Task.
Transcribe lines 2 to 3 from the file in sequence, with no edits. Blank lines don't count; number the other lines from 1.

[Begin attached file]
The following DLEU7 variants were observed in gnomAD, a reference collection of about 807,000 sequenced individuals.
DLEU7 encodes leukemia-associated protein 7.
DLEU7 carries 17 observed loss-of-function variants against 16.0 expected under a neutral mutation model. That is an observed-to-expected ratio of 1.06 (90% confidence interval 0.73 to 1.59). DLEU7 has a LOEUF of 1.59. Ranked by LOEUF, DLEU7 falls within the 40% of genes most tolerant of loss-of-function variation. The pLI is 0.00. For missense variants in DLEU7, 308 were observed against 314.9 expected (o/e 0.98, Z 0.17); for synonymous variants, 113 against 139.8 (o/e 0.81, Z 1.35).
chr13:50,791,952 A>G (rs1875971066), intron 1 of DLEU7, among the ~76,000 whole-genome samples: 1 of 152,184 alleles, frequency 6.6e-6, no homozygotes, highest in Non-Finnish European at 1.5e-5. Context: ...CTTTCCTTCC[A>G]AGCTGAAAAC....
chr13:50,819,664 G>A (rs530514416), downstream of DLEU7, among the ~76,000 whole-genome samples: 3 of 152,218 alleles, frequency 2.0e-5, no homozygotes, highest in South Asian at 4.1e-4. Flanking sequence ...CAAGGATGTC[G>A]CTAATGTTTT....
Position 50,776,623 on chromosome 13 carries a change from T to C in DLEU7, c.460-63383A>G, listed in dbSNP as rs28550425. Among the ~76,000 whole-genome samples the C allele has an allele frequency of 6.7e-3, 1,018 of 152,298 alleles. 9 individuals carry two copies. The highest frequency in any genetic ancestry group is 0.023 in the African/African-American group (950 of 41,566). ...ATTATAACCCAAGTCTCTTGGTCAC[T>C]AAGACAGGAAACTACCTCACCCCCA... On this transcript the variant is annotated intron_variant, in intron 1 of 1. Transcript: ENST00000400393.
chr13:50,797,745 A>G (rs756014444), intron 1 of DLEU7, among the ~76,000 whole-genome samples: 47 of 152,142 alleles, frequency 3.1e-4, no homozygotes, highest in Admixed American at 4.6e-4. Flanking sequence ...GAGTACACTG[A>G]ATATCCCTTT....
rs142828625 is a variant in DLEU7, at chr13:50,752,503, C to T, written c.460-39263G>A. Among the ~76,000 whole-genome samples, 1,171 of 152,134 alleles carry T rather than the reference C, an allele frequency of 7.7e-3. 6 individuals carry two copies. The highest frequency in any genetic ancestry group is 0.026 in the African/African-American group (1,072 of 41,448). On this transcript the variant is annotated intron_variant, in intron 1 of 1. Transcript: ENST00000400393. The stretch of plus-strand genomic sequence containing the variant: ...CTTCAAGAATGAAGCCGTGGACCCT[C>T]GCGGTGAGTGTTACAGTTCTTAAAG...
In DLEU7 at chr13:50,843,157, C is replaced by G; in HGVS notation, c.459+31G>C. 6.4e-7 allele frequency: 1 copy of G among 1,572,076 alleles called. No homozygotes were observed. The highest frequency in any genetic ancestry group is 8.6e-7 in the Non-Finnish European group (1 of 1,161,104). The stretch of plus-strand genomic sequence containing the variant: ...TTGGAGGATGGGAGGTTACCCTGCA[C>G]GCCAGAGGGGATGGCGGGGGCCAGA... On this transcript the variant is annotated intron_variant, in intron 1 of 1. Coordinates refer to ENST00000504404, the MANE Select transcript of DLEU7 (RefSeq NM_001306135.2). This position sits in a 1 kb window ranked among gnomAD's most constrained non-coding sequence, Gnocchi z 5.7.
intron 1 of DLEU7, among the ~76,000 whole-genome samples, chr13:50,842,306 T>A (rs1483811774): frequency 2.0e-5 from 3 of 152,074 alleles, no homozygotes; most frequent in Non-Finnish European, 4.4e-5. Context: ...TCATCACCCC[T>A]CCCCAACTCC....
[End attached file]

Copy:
DLEU7 encodes leukemia-associated protein 7.
DLEU7 carries 17 observed loss-of-function variants against 16.0 expected under a neutral mutation model. That is an observed-to-expected ratio of 1.06 (90% confidence interval 0.73 to 1.59). DLEU7 has a LOEUF of 1.59. Ranked by LOEUF, DLEU7 falls within the 40% of genes most tolerant of loss-of-function variation. The pLI is 0.00. For missense variants in DLEU7, 308 were observed against 314.9 expected (o/e 0.98, Z 0.17); for synonymous variants, 113 against 139.8 (o/e 0.81, Z 1.35).